Indeed, who could resist dancing of any sort, no matter what the risk? Certainly not Frank O’Hara, who celebrates a long gone Mafia-run speakeasy in a poem entitled “At The Old Place” — written in 1955 but not discovered until 1969 — the very year of Stonewall:

Joe is restless and so am I, so restless.

Button’s buddy lips frame “L B T TH O P?”

across the bar. “Yes!” I cry, for dancing’s

my soul delight. (Feet! Feet!) “Come on!”

Through the streets we skip like swallows.

Howard malingers. (Come on, Howard.) Ashes

malingers. (Come on, J.A.) Dick malingers.

(Come on, Dick.) Alvin darts ahead. (Wait up,

Alvin.) Jack, Earl, and Someone don’t come.

Down the dark stairs drifts the steaming cha-

cha-cha. Through the urine and smoke we charge

to the floor. Wrapped in Ashes’ arms I glide.

(It’s heaven!) Button lindys with me. (It’s

heaven!) Joe’s two-steps, too, are incredible,

and then a fast rhumba with Alvin, like skipping

on toothpicks. And the interminable intermissions,

we have them. Jack, Earl and Someone drift

guiltily in. “I knew they were gay

the minute I laid eyes on them!” screams John.

How ashamed they are of us! we hope.

O’Hara, happily ensconced at the Museum of Modern Art — beginning in the card shop and quickly moving his way up the ladder to curator — led a remarkably free and easy gay life amid the painters and poets of the postwar New York scene. His output was voluminous. A “Complete Poems” was soon followed by a volume of “Poems Retrieved” as he left verses all over the place. Perhaps there’s more to come. I certainly hope so.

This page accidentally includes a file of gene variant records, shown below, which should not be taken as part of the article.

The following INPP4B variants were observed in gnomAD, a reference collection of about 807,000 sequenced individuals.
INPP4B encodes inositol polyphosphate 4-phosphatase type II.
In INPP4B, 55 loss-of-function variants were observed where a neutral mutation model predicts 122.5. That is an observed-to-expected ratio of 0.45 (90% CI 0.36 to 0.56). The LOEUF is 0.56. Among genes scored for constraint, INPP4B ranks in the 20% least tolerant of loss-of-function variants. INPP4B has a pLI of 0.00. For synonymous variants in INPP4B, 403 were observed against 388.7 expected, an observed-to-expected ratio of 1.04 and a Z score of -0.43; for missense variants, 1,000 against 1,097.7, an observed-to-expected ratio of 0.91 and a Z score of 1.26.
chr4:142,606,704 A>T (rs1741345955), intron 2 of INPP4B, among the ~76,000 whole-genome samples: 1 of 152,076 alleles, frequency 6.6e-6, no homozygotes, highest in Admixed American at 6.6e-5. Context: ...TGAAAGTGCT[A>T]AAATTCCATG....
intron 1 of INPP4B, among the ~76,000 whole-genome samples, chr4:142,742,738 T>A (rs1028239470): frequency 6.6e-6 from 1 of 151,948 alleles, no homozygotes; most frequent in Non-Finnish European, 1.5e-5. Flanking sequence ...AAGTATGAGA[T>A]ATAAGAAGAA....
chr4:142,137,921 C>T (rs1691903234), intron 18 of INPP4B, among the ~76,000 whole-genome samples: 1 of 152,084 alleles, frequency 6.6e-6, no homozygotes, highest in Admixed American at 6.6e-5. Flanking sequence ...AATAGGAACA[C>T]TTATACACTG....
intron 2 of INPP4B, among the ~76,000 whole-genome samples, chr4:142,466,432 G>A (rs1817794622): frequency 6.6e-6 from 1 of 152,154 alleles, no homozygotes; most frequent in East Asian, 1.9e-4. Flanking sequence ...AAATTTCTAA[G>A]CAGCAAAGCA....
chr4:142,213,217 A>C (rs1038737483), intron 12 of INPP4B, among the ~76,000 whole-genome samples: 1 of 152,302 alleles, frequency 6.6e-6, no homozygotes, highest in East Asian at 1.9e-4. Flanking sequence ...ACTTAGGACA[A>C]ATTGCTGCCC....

Frank O’Hara (who once said of a lover, “You were made in the image of god / I was not / I was made in the image of a sissy truck-driver” — died on July 25, 1966 of internal injuries from an accident two days before on Fire Island, where he had been run over by a dune buggy in the wee smalls. An irony, then, that in January of 1980, Roland Barthes was knocked down by a laundry van while walking home through the streets of Paris. Barely more than a month later, he succumbed to the chest injuries sustained in that accident.

Barthes didn’t much care for gay politics, despite the world it had created for him. As for O’Hara, as noted by Stuart Byron in Marjorie Perloff’s “Frank O’Hara: Poet Among the Painters,” “What would Frank have thought of gay liberation?,’ I asked John Button. ‘Oh, he would have thought it was silly,’ came the reply, ‘but he would have loved the dances.’”